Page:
From July 10 to July 14, I was fortunate to have an opportunity to participate in the Indigent Defense Services and UNC School of Government’s Defender Trial School. The program is in a “bring your own case” format; with plenary sessions where we learned general trial practice techniques as well as small group workshops where we each applied those lessons to our own individual cases.
Overall the program was excellent. My main takeaway was that it’s not enough to argue that the State hasn’t proven its case beyond a reasonable doubt. Jurors want to know, as a matter of fact, whether your client did it or not. Therefore, to win at trial, you want to be able to counter the prosecution’s story of guilt with your client’s own story of innocence (or reduced culpability).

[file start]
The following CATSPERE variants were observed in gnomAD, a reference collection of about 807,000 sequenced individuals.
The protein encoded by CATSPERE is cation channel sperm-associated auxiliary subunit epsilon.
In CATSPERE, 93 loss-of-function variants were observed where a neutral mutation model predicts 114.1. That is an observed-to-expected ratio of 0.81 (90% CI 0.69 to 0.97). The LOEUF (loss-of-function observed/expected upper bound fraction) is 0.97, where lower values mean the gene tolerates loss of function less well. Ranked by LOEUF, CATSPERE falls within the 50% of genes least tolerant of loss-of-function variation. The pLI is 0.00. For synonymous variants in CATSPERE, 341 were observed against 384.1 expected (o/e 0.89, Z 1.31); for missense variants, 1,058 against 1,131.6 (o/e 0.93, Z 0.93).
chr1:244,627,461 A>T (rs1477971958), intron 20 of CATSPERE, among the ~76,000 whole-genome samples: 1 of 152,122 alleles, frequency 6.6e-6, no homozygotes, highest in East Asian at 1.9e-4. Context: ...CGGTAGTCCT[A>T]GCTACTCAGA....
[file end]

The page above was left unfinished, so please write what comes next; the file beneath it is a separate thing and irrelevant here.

In the plenary sessions, we covered a range of topics, with presentations on Developing a Winning Story, Demonstrative Evidence, Jury Selection, Challenges for Cause, Opening Statements, Cross Examination, Direct Examination, and Closing Arguments. Many of these are familiar law school topics, but were dealt with in school at a conceptual level only. The focus of these trial school lectures, by contrast, was on the nuts and bolts of practice. You could say that trial school fills the gap between the knowledge you need to pass The Bar and the knowledge you need to have real, consistent success at trial. I took detailed notes, which I’m happy to share with any of my colleagues who email me at email@example.com.
In sum, if you want to be a trial lawyer, you’ve got to try cases. All of your successes or failures in the courtroom flow directly from your trial advocacy skills. If you’re serious about developing your trial advocacy skills, trial school is an excellent place to start.